Late Thursday afternoon, when Chief Administrative Judge Tammy Pust concluded a nearly two-week-long hearing in St. Paul by reiterating that her court’s job was to resolve differences between opposing parties, she wasn’t just whistling Dixie. Not about the “opposing parties” part. Especially not in the matter just ending: an expensive slugfest featuring, in one corner, the Department of Natural Resources and all the legal firepower it could muster from the attorney general’s office, while perched in the other corner, with his own battery of solicitors, was Lynn Rogers, bear researcher and, it should be said, longtime thorn in the DNR’s side.
Together, the opposing pugilists have dropped more than $200,000 so far in legal fees — with that much and likely more yet to come.
Predictions how this case will conclude are foolishly made. The DNR and its kingpin, Tom Landwehr, have thrown down the gauntlet in their attempt to make Rogers and his bear research go away. Particularly irksome to Landwehr is that a DNR permit has allowed Rogers to collar bears by food conditioning and habituation at his Wildlife Research Institute near Ely, a practice Landwehr believes threatens public safety and anyway doesn’t contribute much to “science.”
Last year, the DNR yanked Rogers’ permit. Subsequently, Rogers did what few in his position could, or would. He counterpunched, suing the DNR and sending the conflict to Pust’s hearing room.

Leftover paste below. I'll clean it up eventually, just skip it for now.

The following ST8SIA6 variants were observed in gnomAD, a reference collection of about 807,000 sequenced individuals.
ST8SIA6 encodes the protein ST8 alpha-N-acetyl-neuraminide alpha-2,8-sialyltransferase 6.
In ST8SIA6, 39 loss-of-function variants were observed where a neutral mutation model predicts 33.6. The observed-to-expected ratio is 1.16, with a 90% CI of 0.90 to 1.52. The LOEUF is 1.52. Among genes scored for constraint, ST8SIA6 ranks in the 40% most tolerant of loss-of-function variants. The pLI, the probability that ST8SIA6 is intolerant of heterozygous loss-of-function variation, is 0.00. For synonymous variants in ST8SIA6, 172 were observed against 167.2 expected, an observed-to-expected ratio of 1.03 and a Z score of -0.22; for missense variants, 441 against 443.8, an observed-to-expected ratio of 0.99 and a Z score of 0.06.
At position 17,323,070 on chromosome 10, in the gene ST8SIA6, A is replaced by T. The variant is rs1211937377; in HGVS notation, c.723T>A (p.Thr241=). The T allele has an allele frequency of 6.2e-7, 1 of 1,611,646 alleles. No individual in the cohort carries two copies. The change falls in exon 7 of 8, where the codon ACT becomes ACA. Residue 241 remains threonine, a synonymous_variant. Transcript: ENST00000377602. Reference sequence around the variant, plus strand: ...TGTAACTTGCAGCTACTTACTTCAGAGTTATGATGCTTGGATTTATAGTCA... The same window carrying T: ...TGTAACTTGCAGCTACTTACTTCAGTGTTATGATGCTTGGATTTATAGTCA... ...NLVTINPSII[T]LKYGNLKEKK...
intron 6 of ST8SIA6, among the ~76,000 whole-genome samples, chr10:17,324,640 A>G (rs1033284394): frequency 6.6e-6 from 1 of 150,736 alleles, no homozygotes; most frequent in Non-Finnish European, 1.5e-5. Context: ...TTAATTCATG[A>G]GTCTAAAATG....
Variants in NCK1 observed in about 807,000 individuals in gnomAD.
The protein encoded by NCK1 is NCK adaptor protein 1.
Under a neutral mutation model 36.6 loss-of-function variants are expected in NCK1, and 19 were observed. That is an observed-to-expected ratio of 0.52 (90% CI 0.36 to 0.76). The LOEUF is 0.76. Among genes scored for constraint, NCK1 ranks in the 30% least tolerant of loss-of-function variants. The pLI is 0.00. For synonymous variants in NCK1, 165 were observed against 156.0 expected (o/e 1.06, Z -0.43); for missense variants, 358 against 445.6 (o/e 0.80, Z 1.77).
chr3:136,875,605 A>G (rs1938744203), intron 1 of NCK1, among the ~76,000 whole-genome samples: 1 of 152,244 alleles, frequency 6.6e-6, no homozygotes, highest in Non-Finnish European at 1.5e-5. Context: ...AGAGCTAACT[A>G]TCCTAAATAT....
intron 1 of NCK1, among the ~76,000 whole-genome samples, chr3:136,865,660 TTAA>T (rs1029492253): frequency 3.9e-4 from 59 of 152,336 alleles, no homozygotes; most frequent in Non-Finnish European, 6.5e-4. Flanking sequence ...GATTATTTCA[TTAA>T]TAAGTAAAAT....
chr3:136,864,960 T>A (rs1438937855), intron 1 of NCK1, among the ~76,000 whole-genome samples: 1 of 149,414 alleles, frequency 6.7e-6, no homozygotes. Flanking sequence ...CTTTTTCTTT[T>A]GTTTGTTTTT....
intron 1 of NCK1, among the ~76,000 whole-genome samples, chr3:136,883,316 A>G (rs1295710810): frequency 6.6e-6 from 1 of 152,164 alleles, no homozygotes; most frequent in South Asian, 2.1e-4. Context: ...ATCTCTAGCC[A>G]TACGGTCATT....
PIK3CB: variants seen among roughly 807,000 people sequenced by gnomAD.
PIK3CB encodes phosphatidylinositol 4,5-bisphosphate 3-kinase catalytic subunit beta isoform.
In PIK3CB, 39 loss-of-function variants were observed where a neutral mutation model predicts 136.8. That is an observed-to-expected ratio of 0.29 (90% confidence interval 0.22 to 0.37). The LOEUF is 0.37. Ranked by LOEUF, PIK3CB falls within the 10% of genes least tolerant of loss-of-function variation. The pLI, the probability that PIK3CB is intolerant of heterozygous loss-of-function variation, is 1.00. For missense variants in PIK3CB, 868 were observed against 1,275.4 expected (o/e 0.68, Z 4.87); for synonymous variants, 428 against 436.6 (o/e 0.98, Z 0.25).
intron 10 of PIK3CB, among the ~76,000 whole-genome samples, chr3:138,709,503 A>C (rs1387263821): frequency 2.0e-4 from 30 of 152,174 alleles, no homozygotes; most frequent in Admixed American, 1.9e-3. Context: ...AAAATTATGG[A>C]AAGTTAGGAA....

All of which suggests that Rogers is a fighter in the classic sense, a designation that, while true in some ways — years ago he bested the U.S. Forest Service, his former employer, in an expensive, complicated and drawn-out employment dispute — also characterizes him too simply.
At 75, with a doctorate from the U, Rogers has, throughout much of his career, marched to a drummer whose cadence he alone hears.
Who else among his peers, for example, has “walked” with bears to study them, while cultivating tens of thousands of bear “fans” worldwide and, not incidentally, constructing a $1 million-plus bear center near Ely?
Who among his peers has placed “den cams” in wintering bear dens to broadcast images over the Internet of mother bears giving birth?
And who among wildlife researchers has lengthy waiting lists of people willing in summer to travel to a largely faceless research center where they pay good money to hang out with bears and other bear-loving people?
Few in Rogers’ field of wildlife research have even imagined pursuing such undertakings. Fewer still have accomplished them. Yet while many of Rogers’ supporters suggest he’s uniquely gifted, others consider him more gadfly than genius.
“Stunts” are how Rogers’ food conditioning and habituation of bears have been described by some researchers who dismiss Rogers’ feeding of bears to gain their trust as little more than circus acts.
The heart of the matter, as the DNR sees it, is that Rogers’ feeding of bears in Eagles Nest Township between Ely and Tower, Minn., constitutes a public safety threat, because some bears wearing his research collars are seen as food-seeking pests — or worse, as threats — by some area residents.